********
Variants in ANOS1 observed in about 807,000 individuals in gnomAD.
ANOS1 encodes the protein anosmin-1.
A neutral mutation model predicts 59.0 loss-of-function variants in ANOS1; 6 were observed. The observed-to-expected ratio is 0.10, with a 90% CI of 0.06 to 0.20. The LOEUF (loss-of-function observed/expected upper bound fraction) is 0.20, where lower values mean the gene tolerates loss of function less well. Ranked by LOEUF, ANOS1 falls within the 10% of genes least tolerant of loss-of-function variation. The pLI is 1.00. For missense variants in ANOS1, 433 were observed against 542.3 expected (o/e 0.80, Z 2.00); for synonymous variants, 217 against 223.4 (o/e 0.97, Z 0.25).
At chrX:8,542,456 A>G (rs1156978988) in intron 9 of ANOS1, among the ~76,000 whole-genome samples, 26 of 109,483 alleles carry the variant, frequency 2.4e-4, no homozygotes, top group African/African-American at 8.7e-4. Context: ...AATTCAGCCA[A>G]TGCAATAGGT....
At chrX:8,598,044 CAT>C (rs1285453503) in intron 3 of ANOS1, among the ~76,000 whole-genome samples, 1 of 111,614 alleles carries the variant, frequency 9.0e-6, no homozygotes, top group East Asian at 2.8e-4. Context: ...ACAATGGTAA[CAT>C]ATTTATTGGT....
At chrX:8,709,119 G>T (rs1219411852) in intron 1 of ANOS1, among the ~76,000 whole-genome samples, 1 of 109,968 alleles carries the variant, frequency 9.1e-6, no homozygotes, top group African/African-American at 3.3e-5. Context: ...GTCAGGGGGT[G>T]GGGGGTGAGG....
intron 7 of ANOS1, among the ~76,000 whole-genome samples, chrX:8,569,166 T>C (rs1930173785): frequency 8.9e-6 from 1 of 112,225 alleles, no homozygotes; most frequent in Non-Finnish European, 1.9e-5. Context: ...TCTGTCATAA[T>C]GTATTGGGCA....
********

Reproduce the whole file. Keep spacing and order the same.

Variants in ANOS1 observed in about 807,000 individuals in gnomAD.
ANOS1 encodes the protein anosmin-1.
A neutral mutation model predicts 59.0 loss-of-function variants in ANOS1; 6 were observed. The observed-to-expected ratio is 0.10, with a 90% CI of 0.06 to 0.20. The LOEUF (loss-of-function observed/expected upper bound fraction) is 0.20, where lower values mean the gene tolerates loss of function less well. Ranked by LOEUF, ANOS1 falls within the 10% of genes least tolerant of loss-of-function variation. The pLI is 1.00. For missense variants in ANOS1, 433 were observed against 542.3 expected (o/e 0.80, Z 2.00); for synonymous variants, 217 against 223.4 (o/e 0.97, Z 0.25).
At chrX:8,542,456 A>G (rs1156978988) in intron 9 of ANOS1, among the ~76,000 whole-genome samples, 26 of 109,483 alleles carry the variant, frequency 2.4e-4, no homozygotes, top group African/African-American at 8.7e-4. Context: ...AATTCAGCCA[A>G]TGCAATAGGT....
At chrX:8,598,044 CAT>C (rs1285453503) in intron 3 of ANOS1, among the ~76,000 whole-genome samples, 1 of 111,614 alleles carries the variant, frequency 9.0e-6, no homozygotes, top group East Asian at 2.8e-4. Context: ...ACAATGGTAA[CAT>C]ATTTATTGGT....
At chrX:8,709,119 G>T (rs1219411852) in intron 1 of ANOS1, among the ~76,000 whole-genome samples, 1 of 109,968 alleles carries the variant, frequency 9.1e-6, no homozygotes, top group African/African-American at 3.3e-5. Context: ...GTCAGGGGGT[G>T]GGGGGTGAGG....
intron 7 of ANOS1, among the ~76,000 whole-genome samples, chrX:8,569,166 T>C (rs1930173785): frequency 8.9e-6 from 1 of 112,225 alleles, no homozygotes; most frequent in Non-Finnish European, 1.9e-5. Context: ...TCTGTCATAA[T>C]GTATTGGGCA....